Kataachi Aamti (Do you see the reflection of my camera in it? :)
Although I have been cooking a lot everyday since my parents-in-law are here, that is also the reason why I find little time to blog. However, I have been religiously taking photographs of all new/different dishes. Which means that I will blog about all them sooner or later. Today's * lucky * dish is Kataachi Aamti.
In my post on Puranpoli, I mentioned that it is often served with this spicy Dal prepared with water (kat) drained from the cooked Chana Dal. To thicken the Aamti, some of the stuffing (Puran) is used.
To be honest, it is not really a practical idea to make Puranpoli every time you want to make Kataachi Aamti. Moreover, who says that it cannot be served with rice or phulkas? So there.
What I am giving here is the way to make it with Chana Dal cooked only for this purpose. A few things about this Aamti, before I start off.
Kataachi Aamti is supposed to be rather watery. It is actually *drunk* from the bowls in which it is served. :) Also, this preparation is sweet, sour, rather spicy and very very aromatic. When you make it, you will know at once that it is a special festive preparation. But how will you make it, unless I give you the recipe? (That was my attempt at humour, by the way. Does anybody know of laughtrack for blogs? I so wish I could use it here.) Anyway, here's the recipe.
Recipe for Kataachi Aamti
½ cup Chana Dal
2 tsp Goda Masala
1 tsp tamarind concentrate dissolved in ¼ cup of water
2 ½ tbsp jaggery or muscovado sugar (I used m. sugar.)
½ tsp chilli powder
¼ tsp turmeric powder
salt to taste
upto four cups of warm water
1 tbsp oil
½ tsp mustard seeds
a pinch Methi/fenugreek seeds (approx. 10 seeds)
heaped ¼ tsp asafoetida powder
To be ground together:
3-4 tbsp grated dried coconut (Kopra)
2 peeled cardamom pods
½ tsp cumin seeds
a pinch grated nutmeg
¼ tsp cinnamon powder (Or a 1" piece of cinnamon)
curry leaves or chopped coriander leaves for more flavour as well as garnishing (optional)
a dash of lime juice to enhance the flavour as well as to stop the spices from * burning the throat * :)
Clockwise from top:
cooked Chana Dal, cinnamon, cumin seeds, grated dried coconut, cardamom, cloves, nutmeg
1. Pressure-cook the Chana Dal with 1 cup of water. Once cooked, mash it well with a ladle or with a hand-held blender.
2. Grind the spices together into a homogenous coarse powder. If you find it difficult to dry-grind them in your mixie, grind them to a paste using the tamarind water.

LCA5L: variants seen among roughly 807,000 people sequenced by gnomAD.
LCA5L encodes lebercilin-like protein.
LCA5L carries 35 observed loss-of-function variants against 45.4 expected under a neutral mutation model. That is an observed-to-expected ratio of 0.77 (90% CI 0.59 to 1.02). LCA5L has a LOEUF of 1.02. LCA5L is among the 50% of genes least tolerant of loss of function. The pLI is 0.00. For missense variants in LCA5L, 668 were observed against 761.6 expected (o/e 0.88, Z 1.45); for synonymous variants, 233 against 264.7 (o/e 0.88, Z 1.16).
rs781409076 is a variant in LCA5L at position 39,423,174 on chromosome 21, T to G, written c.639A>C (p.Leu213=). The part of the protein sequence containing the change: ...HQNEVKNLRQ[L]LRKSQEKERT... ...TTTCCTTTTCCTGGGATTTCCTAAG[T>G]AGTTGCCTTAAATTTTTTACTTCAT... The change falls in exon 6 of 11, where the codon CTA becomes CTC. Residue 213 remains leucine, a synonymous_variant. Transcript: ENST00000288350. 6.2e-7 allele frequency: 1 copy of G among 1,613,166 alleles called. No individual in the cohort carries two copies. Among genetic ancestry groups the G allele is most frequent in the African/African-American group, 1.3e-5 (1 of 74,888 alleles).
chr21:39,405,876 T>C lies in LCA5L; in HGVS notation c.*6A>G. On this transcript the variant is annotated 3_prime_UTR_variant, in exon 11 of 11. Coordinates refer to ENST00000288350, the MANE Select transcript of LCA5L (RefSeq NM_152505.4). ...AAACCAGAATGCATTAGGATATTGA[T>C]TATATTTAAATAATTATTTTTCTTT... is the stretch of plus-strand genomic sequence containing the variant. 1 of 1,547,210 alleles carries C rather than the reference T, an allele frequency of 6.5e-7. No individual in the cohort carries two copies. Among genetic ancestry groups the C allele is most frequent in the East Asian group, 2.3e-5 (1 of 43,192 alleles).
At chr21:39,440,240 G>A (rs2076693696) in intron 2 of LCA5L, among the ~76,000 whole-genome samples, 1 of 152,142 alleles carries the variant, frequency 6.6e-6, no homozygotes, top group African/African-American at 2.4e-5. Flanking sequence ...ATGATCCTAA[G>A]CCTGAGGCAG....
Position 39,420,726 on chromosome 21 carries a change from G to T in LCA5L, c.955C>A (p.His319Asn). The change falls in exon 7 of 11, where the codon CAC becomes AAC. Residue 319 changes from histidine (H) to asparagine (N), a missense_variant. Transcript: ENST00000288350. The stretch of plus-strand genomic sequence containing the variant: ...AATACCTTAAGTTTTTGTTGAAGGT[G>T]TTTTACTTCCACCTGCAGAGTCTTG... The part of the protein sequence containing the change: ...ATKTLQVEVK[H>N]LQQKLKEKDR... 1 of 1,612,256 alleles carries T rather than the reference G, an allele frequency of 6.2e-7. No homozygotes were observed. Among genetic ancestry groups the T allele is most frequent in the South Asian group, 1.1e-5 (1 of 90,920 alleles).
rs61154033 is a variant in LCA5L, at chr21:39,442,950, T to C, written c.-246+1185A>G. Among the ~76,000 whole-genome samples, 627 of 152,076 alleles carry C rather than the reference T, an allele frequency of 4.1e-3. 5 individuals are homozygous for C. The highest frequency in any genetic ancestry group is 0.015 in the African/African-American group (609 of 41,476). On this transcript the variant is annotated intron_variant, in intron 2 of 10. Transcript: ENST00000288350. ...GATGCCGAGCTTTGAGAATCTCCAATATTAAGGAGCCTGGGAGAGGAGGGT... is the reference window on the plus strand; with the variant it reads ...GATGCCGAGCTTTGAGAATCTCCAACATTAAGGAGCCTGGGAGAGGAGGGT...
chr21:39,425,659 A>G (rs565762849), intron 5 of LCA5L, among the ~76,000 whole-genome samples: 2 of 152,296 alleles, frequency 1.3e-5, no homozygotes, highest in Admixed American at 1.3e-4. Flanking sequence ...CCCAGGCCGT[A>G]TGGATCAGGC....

3. Heat oil in a pan. Once it is hot, add the mustard seeds and let them pop. Then add the fenugreed seeds. Once they start changing colour, add the asafoetida powder and then the cooked Chana Dal.
4. Add warm water. As I have mentioned before, this Aamti is meant to be thin. So, you could add upto four cups of water. However, I would suggest that you add one cup at a time and check the consistency. If you feel like, add another cup or half and so on.
5. Bring the mixture to a boil and add all other ingredients barring the coriander or curry leaves and the lime juice.
6. Boil the Aamti on high heat for about five minutes.
7. If using coriander or curry leaves, add them just before turning the heat off.
8. Once off the heat, cover the pan for the flavours to blend well.
9. Add a dash of lime juice just before serving. Alternatively, you could serve wedges of lime with the rest of the meal.
Serve Kataachi Aamti warm with rice or phulkas. If entertaining a Maharashtrian guest, try serving this with Puranpoli, and see him/her turning into your slave for life. :) :)
1. Every Maharashtrian household has its own, slightly-different-from-others' recipe for K. Aamti. This is my recipe, and the Aamti that I make tastes different even from what my mother makes. So, if your Aamti made using this recipe does not turn out like the one that you've eaten before, I'd suggest, that you use this recipe as the base and keep experimenting (mainly with the quantity of the spices) until you think that you have achieved * that * taste.
2. If you don't have Goda Masala with you, you could try increasing the quantity of the spices ground together.